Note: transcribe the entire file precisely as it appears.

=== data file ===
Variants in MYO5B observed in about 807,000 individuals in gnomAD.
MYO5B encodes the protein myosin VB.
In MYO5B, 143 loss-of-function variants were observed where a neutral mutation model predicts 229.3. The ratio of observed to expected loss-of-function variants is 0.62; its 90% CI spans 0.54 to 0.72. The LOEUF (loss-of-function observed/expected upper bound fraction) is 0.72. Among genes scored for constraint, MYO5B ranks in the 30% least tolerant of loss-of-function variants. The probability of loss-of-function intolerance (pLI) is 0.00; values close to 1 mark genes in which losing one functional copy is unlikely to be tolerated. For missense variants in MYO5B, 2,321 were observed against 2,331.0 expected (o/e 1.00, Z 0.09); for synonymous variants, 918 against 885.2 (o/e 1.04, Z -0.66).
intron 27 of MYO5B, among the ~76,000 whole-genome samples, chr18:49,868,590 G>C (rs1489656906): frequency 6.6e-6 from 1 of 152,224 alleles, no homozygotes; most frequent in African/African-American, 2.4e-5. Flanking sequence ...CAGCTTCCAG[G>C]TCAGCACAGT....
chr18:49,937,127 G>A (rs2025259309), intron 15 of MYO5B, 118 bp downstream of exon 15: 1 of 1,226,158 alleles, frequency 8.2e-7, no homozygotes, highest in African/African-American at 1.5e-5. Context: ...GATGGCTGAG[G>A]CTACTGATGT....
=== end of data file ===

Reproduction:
Variants in MYO5B observed in about 807,000 individuals in gnomAD.
MYO5B encodes the protein myosin VB.
In MYO5B, 143 loss-of-function variants were observed where a neutral mutation model predicts 229.3. The ratio of observed to expected loss-of-function variants is 0.62; its 90% CI spans 0.54 to 0.72. The LOEUF (loss-of-function observed/expected upper bound fraction) is 0.72. Among genes scored for constraint, MYO5B ranks in the 30% least tolerant of loss-of-function variants. The probability of loss-of-function intolerance (pLI) is 0.00; values close to 1 mark genes in which losing one functional copy is unlikely to be tolerated. For missense variants in MYO5B, 2,321 were observed against 2,331.0 expected (o/e 1.00, Z 0.09); for synonymous variants, 918 against 885.2 (o/e 1.04, Z -0.66).
intron 27 of MYO5B, among the ~76,000 whole-genome samples, chr18:49,868,590 G>C (rs1489656906): frequency 6.6e-6 from 1 of 152,224 alleles, no homozygotes; most frequent in African/African-American, 2.4e-5. Flanking sequence ...CAGCTTCCAG[G>C]TCAGCACAGT....
chr18:49,937,127 G>A (rs2025259309), intron 15 of MYO5B, 118 bp downstream of exon 15: 1 of 1,226,158 alleles, frequency 8.2e-7, no homozygotes, highest in African/African-American at 1.5e-5. Context: ...GATGGCTGAG[G>A]CTACTGATGT....